Monday, May 04, 2009


The Challenge of a New Energy System

Everyone is madly engaged now in developing all kinds of new energy technologies to generate electricity, convert biomass, and in other ways produce energy that can keep industrial civilization and the consumer society going, and — the Holy Grail of the global economic system — keep us on the path to infinite growth.

Let’s review the fossil fuel energy system that keeps the show running now. Simply put, it has two main characteristics.

First, the system powers itself. Fossil fuels provide the energy to obtain, process, and supply more fossil fuels. It keeps supplying itself with more energy and is therefore self-sustaining.

And second, there is plenty of surplus energy. Fossil fuels also power industrial civilization and the consumer economy. There is lots of energy left over after powering the energy system itself to keep the factories humming, the vehicles rolling, the aircraft flying, the farmers farming, and the consumers consuming.

Now, however, we have come to realize this won’t last forever. That is behind all the enthusiasm for alternative energy sources. But if we are to keep industrial civilization and the consumer society going — not to mention providing the energy source for infinite growth — the new energy system has to fulfill the same two conditions without relying on any fossil fuel inputs. That is, first, the energy system must power itself, and second, there must be a big energy surplus.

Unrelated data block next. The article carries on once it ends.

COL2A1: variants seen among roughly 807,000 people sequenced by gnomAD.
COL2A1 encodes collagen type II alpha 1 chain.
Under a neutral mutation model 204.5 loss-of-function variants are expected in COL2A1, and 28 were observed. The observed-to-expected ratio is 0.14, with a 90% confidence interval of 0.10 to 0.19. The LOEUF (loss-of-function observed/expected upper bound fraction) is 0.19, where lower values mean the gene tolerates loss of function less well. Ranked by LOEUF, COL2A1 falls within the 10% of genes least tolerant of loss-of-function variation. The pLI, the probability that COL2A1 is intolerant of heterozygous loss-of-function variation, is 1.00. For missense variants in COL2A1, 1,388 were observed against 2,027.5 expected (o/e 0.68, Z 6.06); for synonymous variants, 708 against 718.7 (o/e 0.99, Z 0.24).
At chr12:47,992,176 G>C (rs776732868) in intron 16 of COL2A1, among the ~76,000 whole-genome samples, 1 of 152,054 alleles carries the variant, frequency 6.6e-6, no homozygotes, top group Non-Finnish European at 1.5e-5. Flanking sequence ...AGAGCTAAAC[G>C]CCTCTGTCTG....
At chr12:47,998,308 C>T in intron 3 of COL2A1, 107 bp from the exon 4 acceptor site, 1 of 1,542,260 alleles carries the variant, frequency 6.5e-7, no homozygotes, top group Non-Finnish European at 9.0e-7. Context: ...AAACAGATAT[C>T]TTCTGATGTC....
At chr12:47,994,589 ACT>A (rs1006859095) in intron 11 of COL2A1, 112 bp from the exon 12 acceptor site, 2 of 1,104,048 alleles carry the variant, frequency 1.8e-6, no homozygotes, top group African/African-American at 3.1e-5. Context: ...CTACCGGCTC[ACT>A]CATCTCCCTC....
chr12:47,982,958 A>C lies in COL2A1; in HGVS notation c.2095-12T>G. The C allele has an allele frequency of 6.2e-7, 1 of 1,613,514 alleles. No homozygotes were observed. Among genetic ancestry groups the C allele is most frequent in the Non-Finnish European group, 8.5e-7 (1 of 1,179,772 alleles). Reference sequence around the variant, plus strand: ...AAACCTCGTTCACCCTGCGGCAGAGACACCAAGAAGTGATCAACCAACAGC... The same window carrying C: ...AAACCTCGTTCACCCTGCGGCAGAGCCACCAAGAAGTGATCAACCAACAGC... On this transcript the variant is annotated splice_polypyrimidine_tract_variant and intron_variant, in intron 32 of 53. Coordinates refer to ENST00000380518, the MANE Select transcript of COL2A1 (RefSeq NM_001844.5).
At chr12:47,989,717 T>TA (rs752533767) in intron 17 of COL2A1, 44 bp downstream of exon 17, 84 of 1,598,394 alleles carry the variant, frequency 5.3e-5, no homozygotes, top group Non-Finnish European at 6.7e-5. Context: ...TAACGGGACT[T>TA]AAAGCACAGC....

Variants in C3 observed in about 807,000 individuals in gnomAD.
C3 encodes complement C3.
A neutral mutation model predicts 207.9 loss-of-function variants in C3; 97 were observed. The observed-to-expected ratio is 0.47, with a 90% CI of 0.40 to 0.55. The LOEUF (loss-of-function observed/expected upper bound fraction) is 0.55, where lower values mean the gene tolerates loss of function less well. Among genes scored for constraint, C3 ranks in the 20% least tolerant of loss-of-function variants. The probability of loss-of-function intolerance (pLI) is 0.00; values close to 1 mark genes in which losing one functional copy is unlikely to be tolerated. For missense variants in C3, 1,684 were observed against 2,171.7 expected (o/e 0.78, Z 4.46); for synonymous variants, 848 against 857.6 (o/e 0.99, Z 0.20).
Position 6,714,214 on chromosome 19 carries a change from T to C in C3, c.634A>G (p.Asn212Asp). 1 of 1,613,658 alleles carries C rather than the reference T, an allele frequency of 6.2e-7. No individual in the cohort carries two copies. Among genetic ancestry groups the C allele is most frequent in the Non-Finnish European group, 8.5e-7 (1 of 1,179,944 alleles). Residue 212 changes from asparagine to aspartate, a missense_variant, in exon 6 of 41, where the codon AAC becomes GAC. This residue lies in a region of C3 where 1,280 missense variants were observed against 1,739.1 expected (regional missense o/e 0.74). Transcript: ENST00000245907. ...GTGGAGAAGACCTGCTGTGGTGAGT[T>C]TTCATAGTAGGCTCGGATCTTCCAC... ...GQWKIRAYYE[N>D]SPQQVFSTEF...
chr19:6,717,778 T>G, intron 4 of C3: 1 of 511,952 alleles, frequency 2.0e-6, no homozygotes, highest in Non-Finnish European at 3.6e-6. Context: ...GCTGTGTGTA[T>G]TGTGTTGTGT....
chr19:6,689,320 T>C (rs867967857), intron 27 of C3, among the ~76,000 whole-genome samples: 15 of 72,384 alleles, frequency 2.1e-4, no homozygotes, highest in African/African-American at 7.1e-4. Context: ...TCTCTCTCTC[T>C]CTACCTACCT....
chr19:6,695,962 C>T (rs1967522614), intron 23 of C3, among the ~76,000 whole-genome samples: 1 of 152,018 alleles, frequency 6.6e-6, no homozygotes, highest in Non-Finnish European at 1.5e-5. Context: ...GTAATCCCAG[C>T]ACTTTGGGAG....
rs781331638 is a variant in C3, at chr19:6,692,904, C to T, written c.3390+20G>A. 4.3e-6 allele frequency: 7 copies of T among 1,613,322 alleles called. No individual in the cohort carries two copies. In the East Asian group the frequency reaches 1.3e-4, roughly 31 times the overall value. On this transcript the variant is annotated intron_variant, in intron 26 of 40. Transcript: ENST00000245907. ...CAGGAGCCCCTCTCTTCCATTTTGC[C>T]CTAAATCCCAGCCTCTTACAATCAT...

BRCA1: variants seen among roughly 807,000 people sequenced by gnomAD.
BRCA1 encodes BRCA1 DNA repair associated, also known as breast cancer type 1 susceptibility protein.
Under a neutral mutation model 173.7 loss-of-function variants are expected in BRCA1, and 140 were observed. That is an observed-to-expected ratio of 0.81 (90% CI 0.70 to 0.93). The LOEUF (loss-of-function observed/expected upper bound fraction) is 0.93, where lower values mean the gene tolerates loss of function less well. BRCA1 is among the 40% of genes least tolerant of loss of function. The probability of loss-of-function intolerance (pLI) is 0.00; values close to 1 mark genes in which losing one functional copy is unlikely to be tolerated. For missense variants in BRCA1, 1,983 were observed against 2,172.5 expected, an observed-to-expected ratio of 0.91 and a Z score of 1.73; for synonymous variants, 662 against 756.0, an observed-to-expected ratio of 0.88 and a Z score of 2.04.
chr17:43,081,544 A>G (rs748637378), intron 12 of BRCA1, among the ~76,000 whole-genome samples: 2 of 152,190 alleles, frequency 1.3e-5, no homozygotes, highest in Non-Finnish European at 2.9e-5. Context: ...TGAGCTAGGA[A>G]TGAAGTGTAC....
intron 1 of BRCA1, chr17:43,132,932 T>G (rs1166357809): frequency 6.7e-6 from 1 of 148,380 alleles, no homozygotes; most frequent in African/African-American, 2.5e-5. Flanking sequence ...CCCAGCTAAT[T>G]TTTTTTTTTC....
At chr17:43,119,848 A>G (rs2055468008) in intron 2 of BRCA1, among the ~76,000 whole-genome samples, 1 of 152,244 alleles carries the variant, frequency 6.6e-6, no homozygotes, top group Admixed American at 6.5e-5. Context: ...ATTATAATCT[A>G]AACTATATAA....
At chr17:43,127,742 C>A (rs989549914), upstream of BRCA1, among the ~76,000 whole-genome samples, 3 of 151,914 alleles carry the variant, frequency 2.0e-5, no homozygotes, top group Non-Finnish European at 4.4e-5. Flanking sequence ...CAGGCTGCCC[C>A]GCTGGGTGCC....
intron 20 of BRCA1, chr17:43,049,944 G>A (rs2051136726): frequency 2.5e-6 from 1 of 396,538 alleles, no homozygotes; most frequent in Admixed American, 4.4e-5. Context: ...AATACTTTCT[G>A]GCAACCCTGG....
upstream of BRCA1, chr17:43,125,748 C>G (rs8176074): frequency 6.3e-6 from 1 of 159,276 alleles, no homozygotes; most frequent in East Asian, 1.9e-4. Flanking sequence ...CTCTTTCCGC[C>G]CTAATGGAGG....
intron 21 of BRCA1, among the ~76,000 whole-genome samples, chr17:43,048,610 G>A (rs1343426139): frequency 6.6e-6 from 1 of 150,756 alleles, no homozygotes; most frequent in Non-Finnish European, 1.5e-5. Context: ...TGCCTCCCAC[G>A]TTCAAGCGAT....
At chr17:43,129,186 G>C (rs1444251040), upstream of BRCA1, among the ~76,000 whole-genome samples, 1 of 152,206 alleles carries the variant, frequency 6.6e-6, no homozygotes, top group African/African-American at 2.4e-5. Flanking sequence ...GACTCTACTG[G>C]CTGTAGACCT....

At this juncture, all the new energy schemes are in fact dependent on fossil fuel inputs for their bootstrap. The wind turbines, solar panels, ethanol plants, machinery for growing energy crops, the electric cars, their batteries, the factories for making electric cars, and what have you — it is all dependent on fossil fuels. The new energy system must dispense with fossil fuels, power industrial civilization and the consumer economy, and maintain continued economic growth with real-time solar energy.

I doubt that people understand the magnitude of the challenge.

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